Notes for John Parker: A Story of the Englishmen who welcomed the Pilgrims to the New World"
Page 6 There is no record of who raised young John Parker. It is more likely he was raised by John and Katherine Dennis, because he would grow up and marry a girl from Georgeham, and because Dennis is another family name that would soon appear along the banks of the Kennebec River in maine.
Page 48 Parker's son John 2nd, now 27yrs, may well have been serving on Gorges vessel which was transporting dried cod from Monhegan and perhaps other Maine stations. Later he will move his family to Winter Harbor (Biddeford Pool) and will take over his father's duties for Gorges.
Page 100 On Sept 7, 1636, John Parker 2nd was head of household in the Winter Harbor book of rates and sssessed a tas of 1pound for support of the minister.
Page 101 John2nd appears to have remained in Gorges employ and in 1636 is found managing the fishing station at Winter Harbor. It appears that he will become the district manager, taking over his fathers duties for Gorges network of stations along the maine coast. There is no concrete evicence for all of this, but the clues when pieced together would suggest this chronology. The historian Rev. Henry O. Thayer, wrote a biography of John Parker which can be found in one of his scrapbooks. Thayer recognized that there were 2 adult John Parkers in 1636, but was not aware of their relationship as father and son. He places one at Sagadahoc and the other at Winter Harbor correctly. He fails to see the son moving his family to Arrowsic Island to join his father following Vines departure in 1645.
Page 102 All their children were born in England so John did not move his family to Winter Harbor until after Mary was born in 1635.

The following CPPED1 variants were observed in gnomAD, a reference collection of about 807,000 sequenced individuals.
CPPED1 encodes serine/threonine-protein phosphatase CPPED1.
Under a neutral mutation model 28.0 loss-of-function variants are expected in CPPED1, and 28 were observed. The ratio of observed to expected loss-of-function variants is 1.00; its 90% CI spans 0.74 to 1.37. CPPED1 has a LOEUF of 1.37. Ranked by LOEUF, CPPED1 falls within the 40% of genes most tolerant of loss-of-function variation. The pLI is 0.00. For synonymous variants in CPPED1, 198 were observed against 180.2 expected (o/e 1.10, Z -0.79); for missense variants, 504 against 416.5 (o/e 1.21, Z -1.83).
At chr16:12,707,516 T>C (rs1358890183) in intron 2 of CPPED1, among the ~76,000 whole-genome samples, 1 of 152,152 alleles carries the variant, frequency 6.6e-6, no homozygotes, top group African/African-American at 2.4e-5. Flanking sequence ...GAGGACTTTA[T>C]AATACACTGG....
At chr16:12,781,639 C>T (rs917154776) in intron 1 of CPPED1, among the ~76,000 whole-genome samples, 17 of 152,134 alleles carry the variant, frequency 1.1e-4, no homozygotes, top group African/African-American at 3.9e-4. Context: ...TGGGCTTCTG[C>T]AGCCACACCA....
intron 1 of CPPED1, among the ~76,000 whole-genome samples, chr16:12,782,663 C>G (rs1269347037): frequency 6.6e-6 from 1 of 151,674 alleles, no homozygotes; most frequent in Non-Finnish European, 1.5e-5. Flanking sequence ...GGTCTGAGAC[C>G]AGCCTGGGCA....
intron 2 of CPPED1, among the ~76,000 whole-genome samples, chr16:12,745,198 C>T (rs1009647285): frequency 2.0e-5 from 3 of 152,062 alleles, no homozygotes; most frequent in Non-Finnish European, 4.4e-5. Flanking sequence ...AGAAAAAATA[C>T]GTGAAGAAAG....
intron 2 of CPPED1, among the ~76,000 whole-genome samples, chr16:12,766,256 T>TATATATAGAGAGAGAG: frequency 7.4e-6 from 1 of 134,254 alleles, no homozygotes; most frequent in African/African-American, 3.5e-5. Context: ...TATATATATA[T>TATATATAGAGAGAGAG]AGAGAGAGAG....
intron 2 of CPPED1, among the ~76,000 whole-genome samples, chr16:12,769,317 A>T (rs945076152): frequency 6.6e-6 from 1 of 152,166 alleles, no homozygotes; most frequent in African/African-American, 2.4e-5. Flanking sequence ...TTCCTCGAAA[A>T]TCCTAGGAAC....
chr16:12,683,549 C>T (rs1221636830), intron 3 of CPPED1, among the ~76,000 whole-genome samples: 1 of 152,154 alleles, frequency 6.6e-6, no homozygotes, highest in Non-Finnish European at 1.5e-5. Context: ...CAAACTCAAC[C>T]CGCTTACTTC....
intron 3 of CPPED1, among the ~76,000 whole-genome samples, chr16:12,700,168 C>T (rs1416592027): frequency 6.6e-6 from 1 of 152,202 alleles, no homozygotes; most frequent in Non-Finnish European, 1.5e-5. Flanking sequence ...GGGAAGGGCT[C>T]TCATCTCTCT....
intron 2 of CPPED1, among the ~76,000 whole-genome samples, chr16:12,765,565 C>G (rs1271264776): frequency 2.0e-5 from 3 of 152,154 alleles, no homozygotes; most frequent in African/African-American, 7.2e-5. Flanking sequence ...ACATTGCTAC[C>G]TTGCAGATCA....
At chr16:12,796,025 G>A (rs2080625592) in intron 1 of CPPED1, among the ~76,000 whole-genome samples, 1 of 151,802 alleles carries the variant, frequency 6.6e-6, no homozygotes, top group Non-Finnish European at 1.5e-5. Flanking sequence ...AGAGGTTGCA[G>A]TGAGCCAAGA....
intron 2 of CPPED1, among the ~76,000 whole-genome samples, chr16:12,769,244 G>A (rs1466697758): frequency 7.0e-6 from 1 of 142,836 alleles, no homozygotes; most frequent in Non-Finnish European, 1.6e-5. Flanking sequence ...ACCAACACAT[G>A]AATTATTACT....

Page 103 Today nothing is known of the dat to day life at he Winter Harbor Station during Parker's prosence there, or at any of the other stations scattered along the Maine coast, with the one exception of Richmond Island. From the Trelawney Papers we can catch an intimate glimpse into the lives of a family and their employees on the Maine frontier in the early 17th century.
Page 132 The next record of John 2nd reveals that he had a crew of fishermen stationed at Damariscove on the May 20, 1645, just 6mos. before Vines would leave. The elder Parker would have then been 77yrs., so it would seem likely this was his son, age 44. It appears that John 2nd, as district manager was responsible for numerous stations including Damariscome, but accorking to those deeds had not moved his family to Damariscove.
Page 135 Massachusetts court records involving John 2nd state on May 20, 1645, Robert Nash, a coastal trader our of Mass Bay on a voyage downest, stopped in to Strattons Island Plantation. He began selling sack, a white wine imported from the sout of Europe, to the island fishermen. Nash was himself consuming a large quantity and was, accorking to depositions, soon very drink and giving it away. John Parker 2nd also arrived there about this time with a number of fishermen either to or from Damariscove, and his men quickly joined the islanders in lining up for free drinks, as did Nash's own crew. From all accounts Parker did not join in, but couldn't dere his men from getting drunk. Testimony of John Parker 2nd "John Parker of Damarills cove aftermath that Robert Nash being with him gave & sold so much sack to his men that nash himself and parkers men were all so drunk for seuarall dais together that his men could not go to sea in the prime time of fishing where by the said parker & his company lost 40 or 50 puonds by the misdemeanors of said nash"